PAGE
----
Regional Fed Presidents Differ on Pace of 2017 Rate Hikes

  • Boston’s Rosengren said median forecast of three is reasonable
  • Atlanta Fed chief Lockhart has more cautious forecast for two

An eagle sculpture stands on the facade of the Marriner S. Eccles Federal Reserve building in Washington, D.C.

Photographer: Andrew Harrer/Bloomberg

The U.S. central bank can increase interest rates gradually as inflation rises and the labor market achieves full employment, according to two regional Federal Reserve presidents, though they took different views on how many hikes would be needed this year.

“The economy today is well positioned for moderate growth and steadily improving conditions,” Atlanta Fed chief Dennis Lockhart said Monday. “It’s less certain that the economy is positioned for a breakout to markedly higher growth on a sustained basis.”

U.S. central bankers are weighing how quickly to raise interest rates this year amid investor optimism that President-elect Donald Trump can shake the economy out of its low-growth rut by delivering tax cuts, investment and regulatory reforms that also lift price pressures. 

Lockhart, who is retiring at the end of next month, said he hadn’t included the effects of those plans in his estimates of growth because it was too soon to make a judgment without more details. He said he viewed fiscal stimulus as an “an upside risk factor” that could warrant three quarter-point rate increases in 2017, though he’d forecast two moves.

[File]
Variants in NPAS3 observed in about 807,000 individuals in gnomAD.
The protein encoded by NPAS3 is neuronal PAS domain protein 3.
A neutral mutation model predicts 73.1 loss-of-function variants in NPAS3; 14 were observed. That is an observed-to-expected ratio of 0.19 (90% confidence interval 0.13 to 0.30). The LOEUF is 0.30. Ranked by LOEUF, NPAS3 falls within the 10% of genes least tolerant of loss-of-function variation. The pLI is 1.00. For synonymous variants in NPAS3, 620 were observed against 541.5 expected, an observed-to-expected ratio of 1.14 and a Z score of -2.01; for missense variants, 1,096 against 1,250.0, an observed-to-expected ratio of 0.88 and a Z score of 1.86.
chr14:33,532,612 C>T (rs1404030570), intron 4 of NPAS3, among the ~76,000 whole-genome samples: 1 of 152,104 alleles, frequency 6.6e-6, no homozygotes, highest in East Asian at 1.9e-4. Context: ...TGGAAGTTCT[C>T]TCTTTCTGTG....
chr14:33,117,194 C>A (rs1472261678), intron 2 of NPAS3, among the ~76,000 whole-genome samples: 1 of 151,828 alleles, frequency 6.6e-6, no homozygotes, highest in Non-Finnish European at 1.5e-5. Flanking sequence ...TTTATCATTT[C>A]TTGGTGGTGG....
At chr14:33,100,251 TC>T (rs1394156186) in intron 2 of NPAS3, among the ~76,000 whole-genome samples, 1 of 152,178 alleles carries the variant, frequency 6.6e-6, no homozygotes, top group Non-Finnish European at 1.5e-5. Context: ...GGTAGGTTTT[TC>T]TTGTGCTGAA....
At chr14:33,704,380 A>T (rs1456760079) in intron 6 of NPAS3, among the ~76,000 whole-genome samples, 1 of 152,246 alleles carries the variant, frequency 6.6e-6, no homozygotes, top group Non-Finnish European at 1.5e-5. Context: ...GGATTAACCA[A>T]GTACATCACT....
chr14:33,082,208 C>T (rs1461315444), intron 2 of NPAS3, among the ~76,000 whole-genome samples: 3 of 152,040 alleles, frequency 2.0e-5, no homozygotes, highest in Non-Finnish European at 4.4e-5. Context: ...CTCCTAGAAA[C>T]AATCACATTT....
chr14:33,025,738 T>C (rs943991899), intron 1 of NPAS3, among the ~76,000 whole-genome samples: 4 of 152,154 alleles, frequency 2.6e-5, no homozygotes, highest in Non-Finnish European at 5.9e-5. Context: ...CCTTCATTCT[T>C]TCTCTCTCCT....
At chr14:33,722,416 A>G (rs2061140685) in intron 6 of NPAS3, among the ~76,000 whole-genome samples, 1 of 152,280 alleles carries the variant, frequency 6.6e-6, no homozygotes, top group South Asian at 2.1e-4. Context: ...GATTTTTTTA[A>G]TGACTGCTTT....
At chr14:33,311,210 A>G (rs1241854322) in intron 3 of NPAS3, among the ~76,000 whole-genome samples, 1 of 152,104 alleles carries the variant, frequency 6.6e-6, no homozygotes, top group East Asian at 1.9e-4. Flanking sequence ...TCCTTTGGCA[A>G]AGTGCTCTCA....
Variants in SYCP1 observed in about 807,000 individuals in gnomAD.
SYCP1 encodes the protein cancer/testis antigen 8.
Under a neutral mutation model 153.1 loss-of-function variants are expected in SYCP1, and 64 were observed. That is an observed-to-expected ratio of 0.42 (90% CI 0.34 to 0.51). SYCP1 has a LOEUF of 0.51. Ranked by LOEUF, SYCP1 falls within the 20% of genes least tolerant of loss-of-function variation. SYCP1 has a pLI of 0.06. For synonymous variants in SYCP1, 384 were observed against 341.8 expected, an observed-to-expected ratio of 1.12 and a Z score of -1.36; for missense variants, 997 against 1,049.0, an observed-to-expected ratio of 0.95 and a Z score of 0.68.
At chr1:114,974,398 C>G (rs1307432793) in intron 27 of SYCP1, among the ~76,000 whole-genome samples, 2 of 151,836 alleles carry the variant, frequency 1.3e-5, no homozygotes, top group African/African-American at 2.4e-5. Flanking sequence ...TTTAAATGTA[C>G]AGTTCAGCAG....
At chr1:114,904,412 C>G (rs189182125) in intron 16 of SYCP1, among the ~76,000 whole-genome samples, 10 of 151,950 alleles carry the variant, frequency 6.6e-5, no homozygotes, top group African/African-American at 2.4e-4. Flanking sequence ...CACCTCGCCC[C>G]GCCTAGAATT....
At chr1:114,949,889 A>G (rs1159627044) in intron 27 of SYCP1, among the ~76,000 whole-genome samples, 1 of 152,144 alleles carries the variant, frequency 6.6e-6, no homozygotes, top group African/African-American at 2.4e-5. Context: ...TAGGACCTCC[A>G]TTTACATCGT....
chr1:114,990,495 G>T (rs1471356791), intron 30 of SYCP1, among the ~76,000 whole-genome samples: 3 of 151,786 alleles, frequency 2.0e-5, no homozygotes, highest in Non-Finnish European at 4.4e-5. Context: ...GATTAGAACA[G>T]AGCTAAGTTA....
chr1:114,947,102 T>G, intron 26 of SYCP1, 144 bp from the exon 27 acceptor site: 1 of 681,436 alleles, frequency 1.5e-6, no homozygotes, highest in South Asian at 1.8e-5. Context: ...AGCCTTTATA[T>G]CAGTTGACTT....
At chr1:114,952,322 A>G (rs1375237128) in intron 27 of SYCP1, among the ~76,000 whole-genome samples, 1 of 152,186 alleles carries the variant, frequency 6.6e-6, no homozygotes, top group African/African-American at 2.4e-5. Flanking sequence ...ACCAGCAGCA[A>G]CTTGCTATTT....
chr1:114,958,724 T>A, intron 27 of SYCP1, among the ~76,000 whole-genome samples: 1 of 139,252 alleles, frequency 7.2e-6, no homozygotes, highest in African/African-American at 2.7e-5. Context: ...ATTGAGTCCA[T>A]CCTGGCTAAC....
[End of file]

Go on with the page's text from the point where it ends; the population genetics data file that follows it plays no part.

“I was on the more cautious side of the two versus three move split. My position was two in 2017,” he told reporters after the speech. “My position a year ago was four -- look what happened.” The Fed moved rates once in 2016, in December.

Shifting Focus

Officials last month were shifting their focus toward the risk that expansionary fiscal policy from the Trump administration may warrant a faster pace of rate hikes than expected, minutes of the Dec. 13-14 meeting showed. Their quarterly forecast also signaled three rate increases in 2017, according to the median estimate, compared to two in September.

Boston Fed President Eric Rosengren, who dissented in September last year in favor of raising rates, said he thought the median forecast “seems reasonable” provided the economy grew faster than it’s so-called “potential” rate, which policy makers estimate is around 1.8 percent in the longer run, according to their December projections. 

This would help the Fed achieve its dual goals for 2 percent inflation and maximum sustainable employment by the end of 2017 “and as a result, I believe that a still gradual but somewhat more regular increase in the federal funds rate will be warranted,” he told an audience in Hartford, Connecticut earlier on Monday.

“Monetary policy will need to normalize more quickly than over the past year, but certainly not as rapidly as in the last tightening cycle, which began in 2004,” he said. That referred to the tightening campaign begun under former Fed Chairman Alan Greenspan, when the benchmark rate was raised a quarter-point for 17 consecutive meetings of the Federal Open Market Committee. In contrast, the FOMC has so far increased rates just twice in this cycle, with the move last month following a similar-sized move in December 2015.

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